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Pat Remick is an award-winning short story author and veteran journalist, and has co-authored two non-fiction books. She won the 2007 Al Blanchard Crime Fiction Award and her stories have appeared  in previous LBB anthologies. A member of Sisters in Crime and Mystery Writers of America, Pat is working on a novel. Her web site is www.PatRemick.com. Her personal blog is at http://patremick.blogspot.com and she blogs with the Working Stiffs at http://workingstiffs.blogspot.com

In your story, “The Lesson,” a schoolteacher gets a series of messages that at first seem benign, but then get steadily more threatening. How did you come up for the idea for this story? 

I wrote “The Lesson” as a birthday gift for a dear friend and modeled the main character, Richard Springfield, after her cheating, no-good, slimy ex-husband. Having him get his due this way provided great satisfaction. There are clues to his identity in the story but fortunately; taking revenge through fiction doesn’t automatically lead to an arrest or lawsuits. The escalating series of threatening messages was modeled after a successful prank I learned about years ago, but I probably shouldn’t say any more about that.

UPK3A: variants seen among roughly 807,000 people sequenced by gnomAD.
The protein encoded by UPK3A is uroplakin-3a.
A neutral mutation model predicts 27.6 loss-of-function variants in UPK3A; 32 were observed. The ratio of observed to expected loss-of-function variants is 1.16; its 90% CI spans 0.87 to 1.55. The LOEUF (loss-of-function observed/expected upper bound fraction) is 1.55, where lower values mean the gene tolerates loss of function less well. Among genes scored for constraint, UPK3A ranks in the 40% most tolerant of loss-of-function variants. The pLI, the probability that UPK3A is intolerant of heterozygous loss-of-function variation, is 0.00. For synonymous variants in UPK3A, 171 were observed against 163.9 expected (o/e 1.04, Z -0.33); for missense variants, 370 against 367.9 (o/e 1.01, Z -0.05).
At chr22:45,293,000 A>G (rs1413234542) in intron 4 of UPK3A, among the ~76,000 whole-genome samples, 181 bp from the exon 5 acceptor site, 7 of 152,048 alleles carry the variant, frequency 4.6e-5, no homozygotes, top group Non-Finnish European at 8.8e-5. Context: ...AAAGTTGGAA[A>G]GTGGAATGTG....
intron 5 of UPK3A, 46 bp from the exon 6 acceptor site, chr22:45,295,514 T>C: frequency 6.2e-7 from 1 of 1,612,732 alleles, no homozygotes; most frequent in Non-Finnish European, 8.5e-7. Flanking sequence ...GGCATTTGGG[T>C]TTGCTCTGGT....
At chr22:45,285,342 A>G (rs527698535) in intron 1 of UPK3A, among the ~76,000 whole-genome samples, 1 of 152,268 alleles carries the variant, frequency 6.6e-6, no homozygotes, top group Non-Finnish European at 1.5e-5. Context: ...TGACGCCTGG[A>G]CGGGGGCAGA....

You’ve been a winner of the Al Blanchard Award, and then a judge on that panel. What do you think makes a good short story?  

I believe a good short story captures the reader’s imagination and conveys setting, character and plot with tight but vibrant prose. Because of the length, a short story author must carefully control all the elements and carry the reader to the conclusion without being obvious. But it’s also important to “play fair” so the reader can solve the mystery if he or she looks closely enough. Being able to lay in the clues and red herrings in a short mystery without the reader becoming aware of the mechanics—or solving the mystery too soon—is a true art form requiring great skill and creativity.

What do you look for as a reader? 

I am extraordinarily fond of stories with a good twist. I absolutely adore being surprised at the end and realizing the author has nimbly manipulated me without my knowledge. Like many authors, I devour books but it’s a rare — and exhilarating occasion – when I finish a short story or novel and think, “I NEVER saw that coming.” I love that experience.

What are you working on now?

I am working on several short stories that are in process and preparing to return to “Murder Most Municipal,” my novel in progress.  I’m doing some non-fiction writing, as well.